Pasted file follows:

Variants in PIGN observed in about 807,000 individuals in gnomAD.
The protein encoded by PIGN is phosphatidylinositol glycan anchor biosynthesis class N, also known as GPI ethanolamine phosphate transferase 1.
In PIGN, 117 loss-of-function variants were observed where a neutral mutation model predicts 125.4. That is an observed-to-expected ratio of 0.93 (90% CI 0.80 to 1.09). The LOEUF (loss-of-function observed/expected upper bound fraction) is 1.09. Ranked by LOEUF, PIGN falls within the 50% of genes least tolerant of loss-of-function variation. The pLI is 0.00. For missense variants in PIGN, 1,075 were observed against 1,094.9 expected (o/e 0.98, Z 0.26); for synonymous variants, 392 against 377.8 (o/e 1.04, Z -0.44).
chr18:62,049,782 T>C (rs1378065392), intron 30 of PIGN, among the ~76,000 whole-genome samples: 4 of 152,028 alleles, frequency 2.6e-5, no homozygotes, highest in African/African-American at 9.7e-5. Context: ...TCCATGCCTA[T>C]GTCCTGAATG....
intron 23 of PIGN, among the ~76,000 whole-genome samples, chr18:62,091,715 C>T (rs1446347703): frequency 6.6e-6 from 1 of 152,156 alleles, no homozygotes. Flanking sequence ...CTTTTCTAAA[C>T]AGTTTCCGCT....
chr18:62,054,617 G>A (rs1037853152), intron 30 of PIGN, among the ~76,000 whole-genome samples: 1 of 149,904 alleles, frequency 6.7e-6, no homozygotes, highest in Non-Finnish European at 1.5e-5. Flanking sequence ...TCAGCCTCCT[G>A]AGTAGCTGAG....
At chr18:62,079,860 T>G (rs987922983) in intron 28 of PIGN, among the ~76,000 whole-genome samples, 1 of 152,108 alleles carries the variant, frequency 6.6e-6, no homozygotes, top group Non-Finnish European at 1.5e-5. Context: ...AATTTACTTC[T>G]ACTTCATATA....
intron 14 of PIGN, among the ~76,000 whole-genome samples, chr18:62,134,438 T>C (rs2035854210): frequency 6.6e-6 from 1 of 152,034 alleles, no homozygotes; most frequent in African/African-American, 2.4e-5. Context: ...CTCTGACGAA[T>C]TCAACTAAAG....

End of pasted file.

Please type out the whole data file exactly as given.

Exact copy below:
Variants in PIGN observed in about 807,000 individuals in gnomAD.
The protein encoded by PIGN is phosphatidylinositol glycan anchor biosynthesis class N, also known as GPI ethanolamine phosphate transferase 1.
In PIGN, 117 loss-of-function variants were observed where a neutral mutation model predicts 125.4. That is an observed-to-expected ratio of 0.93 (90% CI 0.80 to 1.09). The LOEUF (loss-of-function observed/expected upper bound fraction) is 1.09. Ranked by LOEUF, PIGN falls within the 50% of genes least tolerant of loss-of-function variation. The pLI is 0.00. For missense variants in PIGN, 1,075 were observed against 1,094.9 expected (o/e 0.98, Z 0.26); for synonymous variants, 392 against 377.8 (o/e 1.04, Z -0.44).
chr18:62,049,782 T>C (rs1378065392), intron 30 of PIGN, among the ~76,000 whole-genome samples: 4 of 152,028 alleles, frequency 2.6e-5, no homozygotes, highest in African/African-American at 9.7e-5. Context: ...TCCATGCCTA[T>C]GTCCTGAATG....
intron 23 of PIGN, among the ~76,000 whole-genome samples, chr18:62,091,715 C>T (rs1446347703): frequency 6.6e-6 from 1 of 152,156 alleles, no homozygotes. Flanking sequence ...CTTTTCTAAA[C>T]AGTTTCCGCT....
chr18:62,054,617 G>A (rs1037853152), intron 30 of PIGN, among the ~76,000 whole-genome samples: 1 of 149,904 alleles, frequency 6.7e-6, no homozygotes, highest in Non-Finnish European at 1.5e-5. Flanking sequence ...TCAGCCTCCT[G>A]AGTAGCTGAG....
At chr18:62,079,860 T>G (rs987922983) in intron 28 of PIGN, among the ~76,000 whole-genome samples, 1 of 152,108 alleles carries the variant, frequency 6.6e-6, no homozygotes, top group Non-Finnish European at 1.5e-5. Context: ...AATTTACTTC[T>G]ACTTCATATA....
intron 14 of PIGN, among the ~76,000 whole-genome samples, chr18:62,134,438 T>C (rs2035854210): frequency 6.6e-6 from 1 of 152,034 alleles, no homozygotes; most frequent in African/African-American, 2.4e-5. Context: ...CTCTGACGAA[T>C]TCAACTAAAG....